Plasma, cell, and total blood volume. Plasma and cell volumes are presented as a percentage of initial blood volume. The value for initial blood volume is set at 100%. Plasma volumes were 53.73 ± 0.68% at rest, 51.54± 1.17% immediately following 30 min of exercise, and 57.67 ± 1.71% 30 min after exercise. Thirty minutes after exercise plasma volume was significantly higher than at rest and immediately after exercise (P< 0.01). Cell volumes were 46.28 ± 0.67 at rest, 46.25 ± 0.98 immediately following exercise, and 46.27 ± 0.71 after 30 min of recovery. There were no significant differences in cell volume. Blood volume was 2.22% less immediately after exercise and expanded 3.92% after 30 min recovery (Fig. 1).

Figure 1-Effect of e...
Figure 1-Effect of e...
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Platelet count. Resting platelet count was 268,875 ± 9,601·mL-1 whole blood. Platelet count increased significantly immediately after exercise to 325,844 ± 13,727·mL-1 whole blood (P < 0.001). After 30 min of recovery, platelet count was 275,968 ± 16,892·mL-1 whole blood, which was back close to resting levels (Fig. 2).

Figure 2-Effect of e...
Figure 2-Effect of e...
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Effect of exercise on TXB2 concentrations. Absolute concentrations of TXB2 at rest were 62.00 ± 6.24 pg·mL-1. After 30 min of exercise, TXB2 declined 20.5%. Thirty minutes following the cessation of exercise TXB2 was similar to resting concentrations. These values were not significantly different(P = 0.146; Table 1).

Table 1
Table 1
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When adjustments were made to account for changes in plasma volume, PVTXB2 decreased 22.2% immediately after 30 min of exercise. Thirty minutes after cessation of exercise, PVTXB2 had returned to resting concentrations. These values were not significantly different (P = 0.067, Table 1).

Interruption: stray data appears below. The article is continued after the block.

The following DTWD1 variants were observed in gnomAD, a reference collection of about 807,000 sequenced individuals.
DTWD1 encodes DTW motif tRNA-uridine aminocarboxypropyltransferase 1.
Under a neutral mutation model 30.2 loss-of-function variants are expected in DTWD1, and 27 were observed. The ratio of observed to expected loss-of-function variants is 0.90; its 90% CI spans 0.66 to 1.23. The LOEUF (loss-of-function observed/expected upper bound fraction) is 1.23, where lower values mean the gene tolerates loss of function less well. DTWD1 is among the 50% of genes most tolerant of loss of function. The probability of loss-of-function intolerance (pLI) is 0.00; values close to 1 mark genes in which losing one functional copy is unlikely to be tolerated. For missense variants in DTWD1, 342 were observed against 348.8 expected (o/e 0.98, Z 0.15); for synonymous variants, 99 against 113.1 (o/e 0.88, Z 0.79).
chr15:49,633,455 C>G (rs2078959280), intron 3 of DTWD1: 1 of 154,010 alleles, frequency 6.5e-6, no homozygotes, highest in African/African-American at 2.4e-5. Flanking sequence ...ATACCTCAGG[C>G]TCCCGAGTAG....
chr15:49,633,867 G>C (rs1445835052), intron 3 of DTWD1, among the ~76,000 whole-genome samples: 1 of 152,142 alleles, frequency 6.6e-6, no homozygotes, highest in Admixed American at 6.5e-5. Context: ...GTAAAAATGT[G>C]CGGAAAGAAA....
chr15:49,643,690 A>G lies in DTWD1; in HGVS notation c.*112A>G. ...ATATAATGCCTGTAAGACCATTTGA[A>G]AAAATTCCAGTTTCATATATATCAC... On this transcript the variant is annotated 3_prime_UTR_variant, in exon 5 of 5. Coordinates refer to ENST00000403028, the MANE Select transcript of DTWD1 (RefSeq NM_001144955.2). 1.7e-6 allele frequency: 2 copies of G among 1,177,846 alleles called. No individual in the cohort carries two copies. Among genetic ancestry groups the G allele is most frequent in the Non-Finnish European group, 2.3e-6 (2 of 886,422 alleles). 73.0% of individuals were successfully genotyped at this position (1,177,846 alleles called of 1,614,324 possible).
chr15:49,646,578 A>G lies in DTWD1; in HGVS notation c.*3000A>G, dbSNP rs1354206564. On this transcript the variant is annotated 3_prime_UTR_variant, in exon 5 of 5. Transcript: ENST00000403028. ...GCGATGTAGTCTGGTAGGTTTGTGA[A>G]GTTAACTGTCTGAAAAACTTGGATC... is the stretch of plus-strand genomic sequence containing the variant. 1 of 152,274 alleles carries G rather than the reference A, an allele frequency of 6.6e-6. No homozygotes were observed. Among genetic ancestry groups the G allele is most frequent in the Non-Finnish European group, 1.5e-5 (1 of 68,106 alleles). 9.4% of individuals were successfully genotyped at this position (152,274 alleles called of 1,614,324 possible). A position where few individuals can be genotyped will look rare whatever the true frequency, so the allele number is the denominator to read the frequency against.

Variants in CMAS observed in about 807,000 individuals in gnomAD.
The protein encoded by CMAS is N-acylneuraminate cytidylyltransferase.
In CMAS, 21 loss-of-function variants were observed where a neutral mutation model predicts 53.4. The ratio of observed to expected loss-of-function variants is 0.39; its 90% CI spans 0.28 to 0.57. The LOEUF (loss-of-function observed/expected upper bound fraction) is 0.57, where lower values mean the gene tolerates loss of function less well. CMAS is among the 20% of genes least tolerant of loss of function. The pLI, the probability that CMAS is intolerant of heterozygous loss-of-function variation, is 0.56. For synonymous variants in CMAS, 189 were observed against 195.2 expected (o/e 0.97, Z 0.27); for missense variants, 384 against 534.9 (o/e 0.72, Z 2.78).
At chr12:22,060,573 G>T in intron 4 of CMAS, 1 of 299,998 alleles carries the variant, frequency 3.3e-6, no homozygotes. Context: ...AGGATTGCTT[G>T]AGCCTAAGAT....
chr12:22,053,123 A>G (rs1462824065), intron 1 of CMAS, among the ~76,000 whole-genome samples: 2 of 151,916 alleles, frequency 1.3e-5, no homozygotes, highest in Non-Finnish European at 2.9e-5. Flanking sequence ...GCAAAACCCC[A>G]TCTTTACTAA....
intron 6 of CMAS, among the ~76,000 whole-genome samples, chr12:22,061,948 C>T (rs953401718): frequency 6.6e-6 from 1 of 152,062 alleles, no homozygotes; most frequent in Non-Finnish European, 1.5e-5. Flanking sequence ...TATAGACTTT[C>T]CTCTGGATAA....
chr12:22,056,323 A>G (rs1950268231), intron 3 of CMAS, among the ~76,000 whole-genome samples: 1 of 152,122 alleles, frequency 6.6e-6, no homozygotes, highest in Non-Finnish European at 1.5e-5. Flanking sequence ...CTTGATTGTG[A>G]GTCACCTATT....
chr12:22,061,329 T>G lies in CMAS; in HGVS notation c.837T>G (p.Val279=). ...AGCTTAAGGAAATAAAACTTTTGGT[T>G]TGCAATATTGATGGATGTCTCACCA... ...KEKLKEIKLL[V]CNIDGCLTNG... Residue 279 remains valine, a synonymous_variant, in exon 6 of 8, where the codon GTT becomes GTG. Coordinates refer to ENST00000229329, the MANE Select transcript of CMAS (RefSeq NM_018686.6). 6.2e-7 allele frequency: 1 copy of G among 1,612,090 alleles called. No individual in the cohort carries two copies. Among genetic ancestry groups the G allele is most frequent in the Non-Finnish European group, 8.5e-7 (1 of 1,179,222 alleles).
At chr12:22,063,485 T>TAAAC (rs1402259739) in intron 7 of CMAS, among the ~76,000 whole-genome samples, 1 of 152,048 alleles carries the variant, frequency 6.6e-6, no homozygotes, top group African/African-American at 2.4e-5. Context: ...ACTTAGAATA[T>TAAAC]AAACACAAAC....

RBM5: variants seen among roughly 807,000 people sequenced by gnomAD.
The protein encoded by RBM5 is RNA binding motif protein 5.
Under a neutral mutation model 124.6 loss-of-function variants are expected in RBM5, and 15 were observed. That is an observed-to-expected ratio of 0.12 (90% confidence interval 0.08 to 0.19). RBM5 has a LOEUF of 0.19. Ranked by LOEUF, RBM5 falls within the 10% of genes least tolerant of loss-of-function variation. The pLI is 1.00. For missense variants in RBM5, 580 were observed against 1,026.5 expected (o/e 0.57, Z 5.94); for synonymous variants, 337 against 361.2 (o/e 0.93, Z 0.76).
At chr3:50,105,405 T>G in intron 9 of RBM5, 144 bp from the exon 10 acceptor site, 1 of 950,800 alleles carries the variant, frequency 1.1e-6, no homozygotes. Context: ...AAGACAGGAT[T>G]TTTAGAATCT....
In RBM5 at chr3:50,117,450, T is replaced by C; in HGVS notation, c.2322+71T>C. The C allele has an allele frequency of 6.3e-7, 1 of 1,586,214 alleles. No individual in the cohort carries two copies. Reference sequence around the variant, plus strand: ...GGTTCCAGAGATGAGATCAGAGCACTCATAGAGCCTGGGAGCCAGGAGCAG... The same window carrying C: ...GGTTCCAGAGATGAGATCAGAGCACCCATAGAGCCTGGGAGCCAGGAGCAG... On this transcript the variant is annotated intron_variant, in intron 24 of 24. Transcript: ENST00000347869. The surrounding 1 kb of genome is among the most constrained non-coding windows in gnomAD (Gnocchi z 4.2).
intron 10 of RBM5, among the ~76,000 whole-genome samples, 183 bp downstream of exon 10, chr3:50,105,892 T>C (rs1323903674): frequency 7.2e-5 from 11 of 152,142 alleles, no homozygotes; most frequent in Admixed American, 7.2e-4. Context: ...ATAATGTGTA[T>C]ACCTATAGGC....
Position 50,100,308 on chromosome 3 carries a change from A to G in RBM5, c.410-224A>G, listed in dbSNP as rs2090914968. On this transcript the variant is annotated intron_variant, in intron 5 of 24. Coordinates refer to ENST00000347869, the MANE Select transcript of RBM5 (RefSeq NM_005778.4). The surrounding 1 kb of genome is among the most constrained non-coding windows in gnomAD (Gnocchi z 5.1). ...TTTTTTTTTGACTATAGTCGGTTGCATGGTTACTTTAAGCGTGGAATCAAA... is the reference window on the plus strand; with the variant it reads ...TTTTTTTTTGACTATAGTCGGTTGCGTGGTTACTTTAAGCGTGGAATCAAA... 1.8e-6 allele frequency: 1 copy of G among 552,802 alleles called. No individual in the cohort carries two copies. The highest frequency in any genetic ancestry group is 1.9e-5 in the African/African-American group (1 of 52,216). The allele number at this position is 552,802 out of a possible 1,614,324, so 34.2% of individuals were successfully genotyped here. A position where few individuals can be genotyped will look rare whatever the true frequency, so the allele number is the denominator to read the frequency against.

When standardized for platelet count, resting PCTXB2 was 23.80± 2.81 pg·mL-1·105-1 platelets. The concentration of PCTXB2 decreased significantly by 32.6%, immediately following exercise. Thirty minutes after exercise, PCTXB2 was only 5.4% below resting values. The immediate post-exercise values were significantly greater than both the resting and recovery values (P < 0.05,Table 1).

When adjusted for changes in plasma volume then standardized for platelet count, PC-PVTXB2 declined by 33.7% immediately after 30 min of exercise. Thirty minutes following exercise TXB2 concentrations had returned to resting values. The immediate post-exercise values were significantly greater than the resting and the recovery values (P< 0.05; Table 1).

Effect of exercise on β-TG concentrations. Concentrations ofβ-TG at rest were 129.83 ± 12.53 ng·mL-1. After exercise β-TG was 13.5% above resting values. Thirty minutes following exercise β-TG was 26.8% above resting values; however, these values were not significantly different (P > 0.05, Table 1).

When corrections were made for changes in plasma volume only, PVβ-TG had increased by 11.1% immediately following 30 min of exercise. PVβ-TG concentration 30 min after exercise was 33.3% above resting concentrations. However, owing to large variations in resting values, statistical significance was not obtained for β-TG concentrations using this method (P> 0.05, Table 1).

When standardized for platelet counts, resting PCβ-TG concentration was 50.77 ± 5.95 ng·mL-1·105-1 platelets. Immediately following 30 min of exercise, PCβ-TG did not change. After 30 min of recovery, PCβ-TG was 21.2% greater than resting values. The 30-min recovery values were significantly greater than the resting and immediate post-exercise values (P < 0.05, Table 1).